Can You Afford to Bet on the Next "Big" Stock?


The odds of you picking the next big stock, like a Google or an Apple, are insanely low. Yet popular stories about the next "big" investment tempt us to believe that this time we're on to something far enough ahead of time to ride the investment up.

Why do stories about Google and Apple make it so hard to behave? Because they've delivered results that make the most cautious of investors secretly wish they'd jumped on board.

"From August of 2004 to December of 2010, Google's price increased from $100 to $600 per share. And Apple, from the end of 2000 to the end of 2010 returned 43.35X. Those are returns that put dollar signs in any investor's eyes."

Who doesn't want an investment that performs like that? The problem, and it's a big one, is that we tend to look to the past when we're seeking answers about the future.

Nathan Pinger at YCharts describes this situation perfectly: "Trying to pick a stock's future growth path based on past growth is like trying to guess if a coin will come up heads or tails when you know that the last toss was a heads. The previous toss tells you nothing."

I used to get calls from clients convinced they'd found the next big stock. The clients were positive that it made perfect sense to dump their plans, ignore their goals, and bet the future on, well, a tip from their brother-in-laws.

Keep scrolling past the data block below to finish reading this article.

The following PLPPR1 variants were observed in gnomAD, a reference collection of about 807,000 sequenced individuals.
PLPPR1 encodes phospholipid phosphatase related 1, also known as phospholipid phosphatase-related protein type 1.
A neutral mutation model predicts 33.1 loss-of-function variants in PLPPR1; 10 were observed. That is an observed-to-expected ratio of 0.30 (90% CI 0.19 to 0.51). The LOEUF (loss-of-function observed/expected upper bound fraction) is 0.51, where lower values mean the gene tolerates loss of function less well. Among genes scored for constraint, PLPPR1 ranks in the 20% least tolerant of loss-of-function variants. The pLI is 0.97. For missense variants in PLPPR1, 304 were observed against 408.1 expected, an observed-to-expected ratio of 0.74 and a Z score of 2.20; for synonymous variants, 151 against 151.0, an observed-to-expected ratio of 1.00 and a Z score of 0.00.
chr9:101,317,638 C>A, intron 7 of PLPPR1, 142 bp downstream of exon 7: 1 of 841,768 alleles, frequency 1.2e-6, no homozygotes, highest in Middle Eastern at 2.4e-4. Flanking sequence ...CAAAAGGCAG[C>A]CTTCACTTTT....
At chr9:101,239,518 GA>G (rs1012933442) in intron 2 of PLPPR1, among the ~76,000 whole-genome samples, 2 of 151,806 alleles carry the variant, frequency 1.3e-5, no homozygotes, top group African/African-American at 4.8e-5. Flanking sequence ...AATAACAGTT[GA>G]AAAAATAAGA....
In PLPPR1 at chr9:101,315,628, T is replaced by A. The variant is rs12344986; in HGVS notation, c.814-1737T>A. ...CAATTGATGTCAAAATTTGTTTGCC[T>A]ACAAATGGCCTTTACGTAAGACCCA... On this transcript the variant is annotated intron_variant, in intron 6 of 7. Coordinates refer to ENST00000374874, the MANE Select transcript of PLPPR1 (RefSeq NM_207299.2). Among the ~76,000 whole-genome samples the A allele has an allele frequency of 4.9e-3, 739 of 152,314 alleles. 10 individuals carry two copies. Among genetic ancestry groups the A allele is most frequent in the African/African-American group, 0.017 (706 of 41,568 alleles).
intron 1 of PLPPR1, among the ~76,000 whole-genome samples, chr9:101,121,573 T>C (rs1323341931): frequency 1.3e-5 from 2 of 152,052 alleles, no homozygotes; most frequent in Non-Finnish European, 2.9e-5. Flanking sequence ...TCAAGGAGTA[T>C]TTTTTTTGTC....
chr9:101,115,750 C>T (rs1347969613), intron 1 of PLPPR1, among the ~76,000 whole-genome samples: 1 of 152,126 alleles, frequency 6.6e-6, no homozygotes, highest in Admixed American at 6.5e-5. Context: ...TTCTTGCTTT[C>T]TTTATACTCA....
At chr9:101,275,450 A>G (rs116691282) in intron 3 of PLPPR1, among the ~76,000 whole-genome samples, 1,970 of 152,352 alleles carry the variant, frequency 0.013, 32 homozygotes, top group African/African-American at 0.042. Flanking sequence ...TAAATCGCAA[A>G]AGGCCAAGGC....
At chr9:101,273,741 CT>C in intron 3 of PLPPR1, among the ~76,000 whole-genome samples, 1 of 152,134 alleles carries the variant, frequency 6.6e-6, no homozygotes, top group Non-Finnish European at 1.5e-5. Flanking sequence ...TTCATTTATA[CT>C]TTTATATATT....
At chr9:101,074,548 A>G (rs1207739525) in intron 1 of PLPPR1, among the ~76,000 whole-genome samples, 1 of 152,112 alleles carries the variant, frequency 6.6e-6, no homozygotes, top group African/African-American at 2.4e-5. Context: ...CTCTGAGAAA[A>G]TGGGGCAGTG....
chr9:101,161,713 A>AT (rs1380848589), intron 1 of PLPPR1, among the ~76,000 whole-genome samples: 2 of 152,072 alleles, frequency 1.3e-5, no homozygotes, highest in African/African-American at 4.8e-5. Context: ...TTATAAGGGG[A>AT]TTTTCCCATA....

We grow up for a time believing that superheroes and magic are real. We root for underdogs even though we know beating the favorite will take a miracle. So does it really seem all that crazy to believe that the stars will align and that one financial decision will change our lives forever?

The problem is that when you chase after a particular stock, you lose sight of the things you actually can control. You lose sight of your goals and plans, for instance.

For 99.99% of us, chasing after the Googles and the Apples of the world will lead to the investing version of dating rejection. Meanwhile, the odds of you achieving financial success by behaving correctly are insanely high. So do you really want to toss a coin and make such a big bet on the next big thing?

A version of this post appeared previously at The New York Times.

Carl Richards is a financial planner and the director of investor education for the BAM ALLIANCE, a community of more than 130 independent wealth management firms throughout the United States. Visit Behavior Gap for more of Carl's sketches and writings.

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